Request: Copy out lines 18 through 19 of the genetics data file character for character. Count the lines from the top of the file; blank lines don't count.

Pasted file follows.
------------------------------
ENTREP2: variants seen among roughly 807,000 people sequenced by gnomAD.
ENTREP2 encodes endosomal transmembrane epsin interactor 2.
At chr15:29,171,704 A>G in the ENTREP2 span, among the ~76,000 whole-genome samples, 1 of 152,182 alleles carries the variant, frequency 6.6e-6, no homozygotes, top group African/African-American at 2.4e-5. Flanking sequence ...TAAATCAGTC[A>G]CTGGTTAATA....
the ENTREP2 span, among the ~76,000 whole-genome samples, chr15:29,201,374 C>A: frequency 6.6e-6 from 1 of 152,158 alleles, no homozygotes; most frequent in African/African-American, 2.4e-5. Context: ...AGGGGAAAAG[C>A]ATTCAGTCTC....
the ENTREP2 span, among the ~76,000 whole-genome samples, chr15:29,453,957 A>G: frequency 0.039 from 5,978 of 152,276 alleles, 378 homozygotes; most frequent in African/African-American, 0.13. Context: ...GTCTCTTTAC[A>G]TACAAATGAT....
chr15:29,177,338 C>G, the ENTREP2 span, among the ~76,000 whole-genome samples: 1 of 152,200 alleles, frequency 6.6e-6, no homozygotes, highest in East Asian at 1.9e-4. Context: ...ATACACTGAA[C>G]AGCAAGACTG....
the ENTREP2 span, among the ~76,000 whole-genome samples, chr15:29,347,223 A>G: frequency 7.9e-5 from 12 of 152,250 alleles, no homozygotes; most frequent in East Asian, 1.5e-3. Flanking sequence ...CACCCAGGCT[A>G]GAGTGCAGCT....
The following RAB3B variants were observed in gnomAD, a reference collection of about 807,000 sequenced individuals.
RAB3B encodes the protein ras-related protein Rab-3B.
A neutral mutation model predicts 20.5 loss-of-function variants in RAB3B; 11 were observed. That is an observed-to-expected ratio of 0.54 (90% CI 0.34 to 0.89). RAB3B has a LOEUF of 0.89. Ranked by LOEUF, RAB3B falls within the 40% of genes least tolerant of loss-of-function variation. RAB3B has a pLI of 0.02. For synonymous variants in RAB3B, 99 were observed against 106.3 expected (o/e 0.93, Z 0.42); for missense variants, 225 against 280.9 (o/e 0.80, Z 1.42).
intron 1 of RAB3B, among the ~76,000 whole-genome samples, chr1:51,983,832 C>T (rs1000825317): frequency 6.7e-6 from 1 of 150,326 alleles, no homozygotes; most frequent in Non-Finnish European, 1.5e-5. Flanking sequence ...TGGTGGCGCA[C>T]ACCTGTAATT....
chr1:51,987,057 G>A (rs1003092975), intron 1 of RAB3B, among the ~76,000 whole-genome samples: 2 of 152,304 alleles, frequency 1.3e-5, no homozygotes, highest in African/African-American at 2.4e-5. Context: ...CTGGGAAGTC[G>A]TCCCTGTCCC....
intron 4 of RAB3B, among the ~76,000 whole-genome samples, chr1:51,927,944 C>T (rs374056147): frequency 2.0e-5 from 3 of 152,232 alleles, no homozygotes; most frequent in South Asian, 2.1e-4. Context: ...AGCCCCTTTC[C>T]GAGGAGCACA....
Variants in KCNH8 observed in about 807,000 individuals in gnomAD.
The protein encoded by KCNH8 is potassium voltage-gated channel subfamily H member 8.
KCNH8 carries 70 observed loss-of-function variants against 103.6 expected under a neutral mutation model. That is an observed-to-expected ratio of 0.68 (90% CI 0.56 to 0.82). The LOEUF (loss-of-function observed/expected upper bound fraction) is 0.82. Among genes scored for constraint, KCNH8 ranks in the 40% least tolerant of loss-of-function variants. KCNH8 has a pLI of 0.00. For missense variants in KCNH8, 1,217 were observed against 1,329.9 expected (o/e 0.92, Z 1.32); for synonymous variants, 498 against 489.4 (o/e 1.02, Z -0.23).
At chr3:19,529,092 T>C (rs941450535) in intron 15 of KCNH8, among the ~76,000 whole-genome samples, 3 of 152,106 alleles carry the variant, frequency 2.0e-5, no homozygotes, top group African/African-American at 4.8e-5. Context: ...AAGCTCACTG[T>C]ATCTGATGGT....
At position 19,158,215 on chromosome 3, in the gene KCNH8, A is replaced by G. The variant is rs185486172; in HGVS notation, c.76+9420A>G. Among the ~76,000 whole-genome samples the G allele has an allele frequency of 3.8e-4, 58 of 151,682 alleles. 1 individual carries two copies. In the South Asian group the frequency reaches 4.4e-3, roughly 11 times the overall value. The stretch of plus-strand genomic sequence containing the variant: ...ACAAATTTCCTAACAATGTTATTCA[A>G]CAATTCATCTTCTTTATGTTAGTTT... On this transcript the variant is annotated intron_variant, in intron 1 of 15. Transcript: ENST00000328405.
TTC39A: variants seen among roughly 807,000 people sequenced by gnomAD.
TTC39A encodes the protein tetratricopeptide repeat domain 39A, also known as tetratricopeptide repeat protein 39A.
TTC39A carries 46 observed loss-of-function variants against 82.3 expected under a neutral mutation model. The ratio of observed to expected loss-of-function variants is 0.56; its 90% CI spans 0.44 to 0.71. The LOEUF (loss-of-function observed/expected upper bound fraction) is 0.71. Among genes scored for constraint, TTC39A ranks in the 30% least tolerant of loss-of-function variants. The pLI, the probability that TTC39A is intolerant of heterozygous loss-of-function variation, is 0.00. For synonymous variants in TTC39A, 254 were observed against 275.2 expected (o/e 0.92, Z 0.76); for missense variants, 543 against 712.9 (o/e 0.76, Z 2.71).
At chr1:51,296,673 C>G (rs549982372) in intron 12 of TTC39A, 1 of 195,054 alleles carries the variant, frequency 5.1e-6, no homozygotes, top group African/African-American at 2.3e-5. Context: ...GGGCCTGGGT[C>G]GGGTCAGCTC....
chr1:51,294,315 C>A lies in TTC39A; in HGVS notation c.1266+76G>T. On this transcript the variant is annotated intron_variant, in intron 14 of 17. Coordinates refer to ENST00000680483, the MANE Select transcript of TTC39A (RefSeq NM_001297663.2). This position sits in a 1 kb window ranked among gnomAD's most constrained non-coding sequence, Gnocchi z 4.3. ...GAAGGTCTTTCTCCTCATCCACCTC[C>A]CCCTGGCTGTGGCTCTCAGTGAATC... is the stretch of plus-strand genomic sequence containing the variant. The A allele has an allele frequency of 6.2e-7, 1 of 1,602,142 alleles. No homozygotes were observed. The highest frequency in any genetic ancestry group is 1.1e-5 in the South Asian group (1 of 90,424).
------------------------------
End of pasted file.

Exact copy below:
At position 19,158,215 on chromosome 3, in the gene KCNH8, A is replaced by G. The variant is rs185486172; in HGVS notation, c.76+9420A>G. Among the ~76,000 whole-genome samples the G allele has an allele frequency of 3.8e-4, 58 of 151,682 alleles. 1 individual carries two copies. In the South Asian group the frequency reaches 4.4e-3, roughly 11 times the overall value. The stretch of plus-strand genomic sequence containing the variant: ...ACAAATTTCCTAACAATGTTATTCA[A>G]CAATTCATCTTCTTTATGTTAGTTT... On this transcript the variant is annotated intron_variant, in intron 1 of 15. Transcript: ENST00000328405.
TTC39A: variants seen among roughly 807,000 people sequenced by gnomAD.